April 7, 2018
Fun. Creative. Interactive. Viviane Schwarz engages her readers by interacting with the characters in Is There a Dog in This Book? I just love how the characters chit-chat with you: “Oh, hello! You opened our book!” Andre’ sniffs and wonders if someone else is in their book. The hide-and-seek game begins between the cats and the dog. The reader engages in the hunt by lifting flaps in the book, seeking and adding to the story.
Author/ illustrator, Viviane Schwarz, shares her story about writing books in this 8-minute video. I love how she wants to inspire children to draw and write, creating their own books.
On this YouTube clip, the author reads her story to you. I think the kids will enjoy hearing her read this delightful tale. View her blog for more behind the scenes tidbits of her work. You will be introduced to other books by Viviane Schwarz.
Savorings for Is There a Dog in This Book?
- Second Person Narrative – interaction with the characters
- Power of 3
- Speech bubbles
- Character Description / change
- Everyday Happening – children can relate to the topic; create stories using their pets
- Setting – helps young children see the importance of the setting
April 3, 2018
Don’t judge a book by its cover. I was surprised with the number of craft moves in this book, Hogwash by Karma Wilson, illustrated by Jim McMullan. Filled with rhyme and a humorous story line, your students will laugh at the banter between the farmer and the hogs. Specific vocabulary is used such as Suey, Suey spic ‘n’ span, cleaning duds.
In regards to a mentor text, I noted several words were contractions: here’s, let’s, weren’t, that’s, etc. Most pages have four lines, so my eyes caught the past tense verbs. I began to write a few down and my list grew to over 30. When teaching the -ed sound, this book would aide. Let the kids find and categorize the ending sounds. It will make for a fun lesson and one that will most likely connect with them.
Savorings for Hogwash:
- One day
- Turning Point – “Everything went dandy … until”
- Character change
- Specific Vocabulary
- Past Tense Verbs
- Compare this text with Click, Clack, Moo by Doreen Cronin.
March 1, 2018
Karen Kaufman Orloff captures the voice of a child begging to change his circumstances. Kids are the best at persuasion. They insist. They give reasons. And they insist some more.
In I Wanna Go Home, Alex isn’t not thrilled with going to his grandparents instead of staying with a friend. His view point is limited. David Catrow captures the many faces of Alex as his perspective changes. The reader learns of his pleas to his findings to his adventures through letters (a delightful writing habit that many kids may not even recognize.)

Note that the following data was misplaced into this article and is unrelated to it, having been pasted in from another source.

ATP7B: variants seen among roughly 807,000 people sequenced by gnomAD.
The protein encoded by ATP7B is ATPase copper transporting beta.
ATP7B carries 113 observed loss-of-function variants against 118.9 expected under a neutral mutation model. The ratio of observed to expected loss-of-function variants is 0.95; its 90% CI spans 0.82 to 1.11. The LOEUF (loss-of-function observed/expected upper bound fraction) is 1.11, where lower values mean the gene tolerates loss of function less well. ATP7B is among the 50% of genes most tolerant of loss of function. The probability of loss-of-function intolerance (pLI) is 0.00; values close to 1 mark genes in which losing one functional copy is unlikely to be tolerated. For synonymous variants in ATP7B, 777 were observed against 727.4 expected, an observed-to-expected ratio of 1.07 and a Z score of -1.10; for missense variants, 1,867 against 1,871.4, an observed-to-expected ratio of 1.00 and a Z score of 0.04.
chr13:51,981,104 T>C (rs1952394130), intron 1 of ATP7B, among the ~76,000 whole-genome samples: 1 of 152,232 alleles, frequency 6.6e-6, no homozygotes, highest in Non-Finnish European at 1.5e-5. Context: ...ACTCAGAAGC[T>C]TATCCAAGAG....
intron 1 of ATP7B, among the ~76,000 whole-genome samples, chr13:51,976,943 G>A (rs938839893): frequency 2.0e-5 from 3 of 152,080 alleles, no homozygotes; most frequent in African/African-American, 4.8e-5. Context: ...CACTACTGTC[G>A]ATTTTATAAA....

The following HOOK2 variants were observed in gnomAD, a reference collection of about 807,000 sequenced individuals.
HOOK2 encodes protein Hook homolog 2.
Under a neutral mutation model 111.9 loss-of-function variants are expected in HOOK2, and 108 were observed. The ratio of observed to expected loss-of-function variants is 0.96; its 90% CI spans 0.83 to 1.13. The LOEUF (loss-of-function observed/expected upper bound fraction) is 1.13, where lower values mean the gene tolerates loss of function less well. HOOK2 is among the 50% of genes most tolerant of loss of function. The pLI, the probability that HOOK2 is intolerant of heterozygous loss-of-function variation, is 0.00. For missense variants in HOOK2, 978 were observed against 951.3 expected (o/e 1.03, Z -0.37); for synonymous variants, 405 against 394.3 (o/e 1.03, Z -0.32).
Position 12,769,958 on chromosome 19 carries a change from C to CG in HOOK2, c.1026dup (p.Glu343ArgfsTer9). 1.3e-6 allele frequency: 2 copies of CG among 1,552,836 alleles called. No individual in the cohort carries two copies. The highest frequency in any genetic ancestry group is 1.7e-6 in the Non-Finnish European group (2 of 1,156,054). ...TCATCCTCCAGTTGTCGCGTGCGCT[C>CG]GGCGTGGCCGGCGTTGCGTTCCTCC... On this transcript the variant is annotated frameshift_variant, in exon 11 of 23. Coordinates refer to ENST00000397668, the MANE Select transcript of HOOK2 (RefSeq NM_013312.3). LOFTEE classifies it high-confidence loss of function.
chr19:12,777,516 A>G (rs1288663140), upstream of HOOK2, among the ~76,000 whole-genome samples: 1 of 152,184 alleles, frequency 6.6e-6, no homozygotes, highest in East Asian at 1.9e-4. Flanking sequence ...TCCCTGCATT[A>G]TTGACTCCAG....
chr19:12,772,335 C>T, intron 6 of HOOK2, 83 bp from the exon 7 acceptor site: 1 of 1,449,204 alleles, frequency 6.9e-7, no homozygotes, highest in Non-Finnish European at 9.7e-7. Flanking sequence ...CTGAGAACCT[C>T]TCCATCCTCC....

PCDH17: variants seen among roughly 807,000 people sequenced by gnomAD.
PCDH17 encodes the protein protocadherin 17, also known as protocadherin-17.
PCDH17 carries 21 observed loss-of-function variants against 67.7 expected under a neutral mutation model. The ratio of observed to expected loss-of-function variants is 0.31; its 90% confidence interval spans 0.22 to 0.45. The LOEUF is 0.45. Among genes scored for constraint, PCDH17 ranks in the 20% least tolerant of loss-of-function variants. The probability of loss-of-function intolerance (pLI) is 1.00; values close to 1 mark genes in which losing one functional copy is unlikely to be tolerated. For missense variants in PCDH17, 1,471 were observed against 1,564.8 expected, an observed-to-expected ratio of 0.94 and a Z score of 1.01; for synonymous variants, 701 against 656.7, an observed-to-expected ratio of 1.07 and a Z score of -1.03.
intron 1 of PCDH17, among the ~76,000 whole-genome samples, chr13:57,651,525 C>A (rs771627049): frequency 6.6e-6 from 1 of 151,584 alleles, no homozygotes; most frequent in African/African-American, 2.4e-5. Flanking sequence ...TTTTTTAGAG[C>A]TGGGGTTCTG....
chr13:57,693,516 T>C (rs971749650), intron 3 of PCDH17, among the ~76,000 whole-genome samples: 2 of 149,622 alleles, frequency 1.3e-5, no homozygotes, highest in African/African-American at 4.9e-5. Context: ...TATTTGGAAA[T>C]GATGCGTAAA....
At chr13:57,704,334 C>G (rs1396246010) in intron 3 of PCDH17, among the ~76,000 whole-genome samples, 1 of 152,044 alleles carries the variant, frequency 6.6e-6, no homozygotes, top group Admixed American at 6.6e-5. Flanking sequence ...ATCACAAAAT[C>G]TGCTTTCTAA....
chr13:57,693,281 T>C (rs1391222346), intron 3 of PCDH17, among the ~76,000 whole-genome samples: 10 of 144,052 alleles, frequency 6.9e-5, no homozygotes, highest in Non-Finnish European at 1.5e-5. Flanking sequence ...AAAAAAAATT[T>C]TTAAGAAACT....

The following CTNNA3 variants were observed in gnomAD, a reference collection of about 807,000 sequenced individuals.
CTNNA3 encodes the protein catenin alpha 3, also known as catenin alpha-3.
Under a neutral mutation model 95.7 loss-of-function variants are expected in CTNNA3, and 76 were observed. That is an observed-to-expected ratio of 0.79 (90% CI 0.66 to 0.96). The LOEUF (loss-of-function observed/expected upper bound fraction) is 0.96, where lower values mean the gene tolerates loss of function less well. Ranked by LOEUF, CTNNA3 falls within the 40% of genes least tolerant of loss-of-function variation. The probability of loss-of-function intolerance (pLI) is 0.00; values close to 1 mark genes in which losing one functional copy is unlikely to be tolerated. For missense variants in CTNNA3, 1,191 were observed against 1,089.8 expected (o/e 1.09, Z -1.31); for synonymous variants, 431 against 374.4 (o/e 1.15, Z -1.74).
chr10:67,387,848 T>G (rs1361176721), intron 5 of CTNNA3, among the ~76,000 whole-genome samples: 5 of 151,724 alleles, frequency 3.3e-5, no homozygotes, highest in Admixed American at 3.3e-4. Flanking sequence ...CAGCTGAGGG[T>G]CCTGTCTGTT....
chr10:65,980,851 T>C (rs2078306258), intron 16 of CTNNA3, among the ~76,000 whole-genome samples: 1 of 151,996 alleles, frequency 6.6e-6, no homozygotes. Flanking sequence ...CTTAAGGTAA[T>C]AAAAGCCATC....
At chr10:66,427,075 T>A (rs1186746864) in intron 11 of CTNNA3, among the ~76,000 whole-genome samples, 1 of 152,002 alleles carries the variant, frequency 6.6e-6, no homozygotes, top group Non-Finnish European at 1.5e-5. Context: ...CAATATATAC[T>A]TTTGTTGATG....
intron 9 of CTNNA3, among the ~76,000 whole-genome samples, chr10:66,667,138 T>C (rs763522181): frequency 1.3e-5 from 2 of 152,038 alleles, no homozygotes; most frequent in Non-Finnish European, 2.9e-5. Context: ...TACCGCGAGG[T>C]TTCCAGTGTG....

Karen Kaufman Orloff has created a website with activities linked to her I Wanna books. Clink on the link here to see ways to use this text for persuasive writing.
Enjoy hearing from Karen in this 2 min video. (Read an interview with Karen about writing this book.)
Savorings for I Wanna Go Home:
- Letter writing/ emails/ correspondance
- Dedication – the grandparents’ names in the dedication are the same in the book
- Childhood encounters – false teeth, hearing aides
- Parent vs. child perspective
- Different meanings – “Did you know that when you go square dancing you actually spin in circles?”
- Generation Connections
- Descriptions before his name – Swam Boy Alex
February 28, 2018
Todd Tarpley reverses the roles of a boy as he parents his robots. Time for bed, the boy tries to usher the bots to bed. Each time they snuggle down, one of they needs to do something. How long does it take them to get to sleep? Kids can have fun writing their own go-to-sleep books. I love the little mouse that pops up on each page. Read the author’s note in the back. Cute!
Mr. Pieri from the Elkhart Public library reads the book to you in this 3:23 minute video.
Savorings for Beep! Beep! Go to Sleep!:
- Everyday happening – getting ready for bed
- Reverse roles
- Speech bubbles
- Repeating line/ structure
- ing verbs
- Love of Reading
- Technical terms – infared
February 22, 2018
Remember the telephone game? One person whispers to another, who shares it with someone else until it circles back to the owner. The final message is never like the beginning statement. Although you laugh at the ridiculous outcome, it’s not a laughing matter when rumors are spread about you.
In this story’s documentary, a friend’s compliment gets twisted into something hurtful. What James Said provides the opportunity for discussion regarding peaceful resolutions. And, who do you believe – a friend or a stranger? Watch this preview as a class and predict if they will become friends.
The read the book or view the story on YouTube.
Savorings for What James Said:
- Grabber lead
- Character traits
- Varied sentences
- Transitions in a day
- Conflict between friends
- Restorative practice
(PES library book)